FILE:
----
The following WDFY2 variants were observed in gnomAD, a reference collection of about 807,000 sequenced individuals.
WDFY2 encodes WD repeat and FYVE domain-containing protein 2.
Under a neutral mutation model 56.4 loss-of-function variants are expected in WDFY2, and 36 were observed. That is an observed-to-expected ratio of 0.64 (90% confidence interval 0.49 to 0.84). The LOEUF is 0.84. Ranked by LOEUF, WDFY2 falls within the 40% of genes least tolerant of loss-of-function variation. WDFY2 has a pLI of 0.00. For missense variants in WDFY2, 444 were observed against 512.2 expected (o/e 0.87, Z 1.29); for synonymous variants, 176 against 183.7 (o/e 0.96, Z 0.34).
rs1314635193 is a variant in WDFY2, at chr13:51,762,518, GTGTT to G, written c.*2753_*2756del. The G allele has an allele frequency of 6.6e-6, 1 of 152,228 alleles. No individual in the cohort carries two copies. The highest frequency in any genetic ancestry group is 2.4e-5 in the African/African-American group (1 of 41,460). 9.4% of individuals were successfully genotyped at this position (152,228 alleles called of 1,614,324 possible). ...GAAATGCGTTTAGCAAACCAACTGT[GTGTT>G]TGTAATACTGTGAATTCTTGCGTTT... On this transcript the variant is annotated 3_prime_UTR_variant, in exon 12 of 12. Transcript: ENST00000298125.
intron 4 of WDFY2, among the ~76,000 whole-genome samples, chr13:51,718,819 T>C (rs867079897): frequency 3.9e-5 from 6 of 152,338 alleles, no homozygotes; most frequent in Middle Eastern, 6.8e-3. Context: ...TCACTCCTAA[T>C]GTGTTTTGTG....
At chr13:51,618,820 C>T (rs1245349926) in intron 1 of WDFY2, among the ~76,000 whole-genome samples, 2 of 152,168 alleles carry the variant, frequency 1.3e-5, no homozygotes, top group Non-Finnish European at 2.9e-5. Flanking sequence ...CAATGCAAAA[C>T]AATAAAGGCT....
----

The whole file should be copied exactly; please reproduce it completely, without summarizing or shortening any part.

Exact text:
The following WDFY2 variants were observed in gnomAD, a reference collection of about 807,000 sequenced individuals.
WDFY2 encodes WD repeat and FYVE domain-containing protein 2.
Under a neutral mutation model 56.4 loss-of-function variants are expected in WDFY2, and 36 were observed. That is an observed-to-expected ratio of 0.64 (90% confidence interval 0.49 to 0.84). The LOEUF is 0.84. Ranked by LOEUF, WDFY2 falls within the 40% of genes least tolerant of loss-of-function variation. WDFY2 has a pLI of 0.00. For missense variants in WDFY2, 444 were observed against 512.2 expected (o/e 0.87, Z 1.29); for synonymous variants, 176 against 183.7 (o/e 0.96, Z 0.34).
rs1314635193 is a variant in WDFY2, at chr13:51,762,518, GTGTT to G, written c.*2753_*2756del. The G allele has an allele frequency of 6.6e-6, 1 of 152,228 alleles. No individual in the cohort carries two copies. The highest frequency in any genetic ancestry group is 2.4e-5 in the African/African-American group (1 of 41,460). 9.4% of individuals were successfully genotyped at this position (152,228 alleles called of 1,614,324 possible). ...GAAATGCGTTTAGCAAACCAACTGT[GTGTT>G]TGTAATACTGTGAATTCTTGCGTTT... On this transcript the variant is annotated 3_prime_UTR_variant, in exon 12 of 12. Transcript: ENST00000298125.
intron 4 of WDFY2, among the ~76,000 whole-genome samples, chr13:51,718,819 T>C (rs867079897): frequency 3.9e-5 from 6 of 152,338 alleles, no homozygotes; most frequent in Middle Eastern, 6.8e-3. Context: ...TCACTCCTAA[T>C]GTGTTTTGTG....
At chr13:51,618,820 C>T (rs1245349926) in intron 1 of WDFY2, among the ~76,000 whole-genome samples, 2 of 152,168 alleles carry the variant, frequency 1.3e-5, no homozygotes, top group Non-Finnish European at 2.9e-5. Flanking sequence ...CAATGCAAAA[C>T]AATAAAGGCT....